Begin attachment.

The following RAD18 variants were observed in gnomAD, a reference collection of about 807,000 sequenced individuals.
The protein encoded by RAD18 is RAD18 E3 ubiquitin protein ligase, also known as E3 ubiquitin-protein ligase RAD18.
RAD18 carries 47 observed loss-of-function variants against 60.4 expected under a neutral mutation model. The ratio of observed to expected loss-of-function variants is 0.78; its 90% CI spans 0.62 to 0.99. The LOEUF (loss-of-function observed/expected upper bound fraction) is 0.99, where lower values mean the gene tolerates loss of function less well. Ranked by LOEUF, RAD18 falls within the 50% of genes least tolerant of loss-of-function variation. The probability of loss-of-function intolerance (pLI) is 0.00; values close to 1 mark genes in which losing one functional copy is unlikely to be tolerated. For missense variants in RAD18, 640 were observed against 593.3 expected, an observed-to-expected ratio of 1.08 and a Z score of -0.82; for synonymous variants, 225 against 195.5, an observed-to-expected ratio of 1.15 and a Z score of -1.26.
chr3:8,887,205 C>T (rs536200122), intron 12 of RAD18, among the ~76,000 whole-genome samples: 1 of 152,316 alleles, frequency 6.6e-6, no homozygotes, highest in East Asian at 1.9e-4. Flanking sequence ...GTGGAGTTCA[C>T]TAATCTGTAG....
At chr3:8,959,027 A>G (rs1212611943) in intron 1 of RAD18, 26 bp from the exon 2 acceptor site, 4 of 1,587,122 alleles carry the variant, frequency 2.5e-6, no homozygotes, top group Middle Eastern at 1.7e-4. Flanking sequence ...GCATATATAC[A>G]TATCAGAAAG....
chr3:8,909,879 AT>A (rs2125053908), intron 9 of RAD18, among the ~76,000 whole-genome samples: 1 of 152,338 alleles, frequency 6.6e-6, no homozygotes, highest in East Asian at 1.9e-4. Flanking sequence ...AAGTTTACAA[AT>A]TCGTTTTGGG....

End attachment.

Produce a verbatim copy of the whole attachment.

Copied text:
The following RAD18 variants were observed in gnomAD, a reference collection of about 807,000 sequenced individuals.
The protein encoded by RAD18 is RAD18 E3 ubiquitin protein ligase, also known as E3 ubiquitin-protein ligase RAD18.
RAD18 carries 47 observed loss-of-function variants against 60.4 expected under a neutral mutation model. The ratio of observed to expected loss-of-function variants is 0.78; its 90% CI spans 0.62 to 0.99. The LOEUF (loss-of-function observed/expected upper bound fraction) is 0.99, where lower values mean the gene tolerates loss of function less well. Ranked by LOEUF, RAD18 falls within the 50% of genes least tolerant of loss-of-function variation. The probability of loss-of-function intolerance (pLI) is 0.00; values close to 1 mark genes in which losing one functional copy is unlikely to be tolerated. For missense variants in RAD18, 640 were observed against 593.3 expected, an observed-to-expected ratio of 1.08 and a Z score of -0.82; for synonymous variants, 225 against 195.5, an observed-to-expected ratio of 1.15 and a Z score of -1.26.
chr3:8,887,205 C>T (rs536200122), intron 12 of RAD18, among the ~76,000 whole-genome samples: 1 of 152,316 alleles, frequency 6.6e-6, no homozygotes, highest in East Asian at 1.9e-4. Flanking sequence ...GTGGAGTTCA[C>T]TAATCTGTAG....
At chr3:8,959,027 A>G (rs1212611943) in intron 1 of RAD18, 26 bp from the exon 2 acceptor site, 4 of 1,587,122 alleles carry the variant, frequency 2.5e-6, no homozygotes, top group Middle Eastern at 1.7e-4. Flanking sequence ...GCATATATAC[A>G]TATCAGAAAG....
chr3:8,909,879 AT>A (rs2125053908), intron 9 of RAD18, among the ~76,000 whole-genome samples: 1 of 152,338 alleles, frequency 6.6e-6, no homozygotes, highest in East Asian at 1.9e-4. Flanking sequence ...AAGTTTACAA[AT>A]TCGTTTTGGG....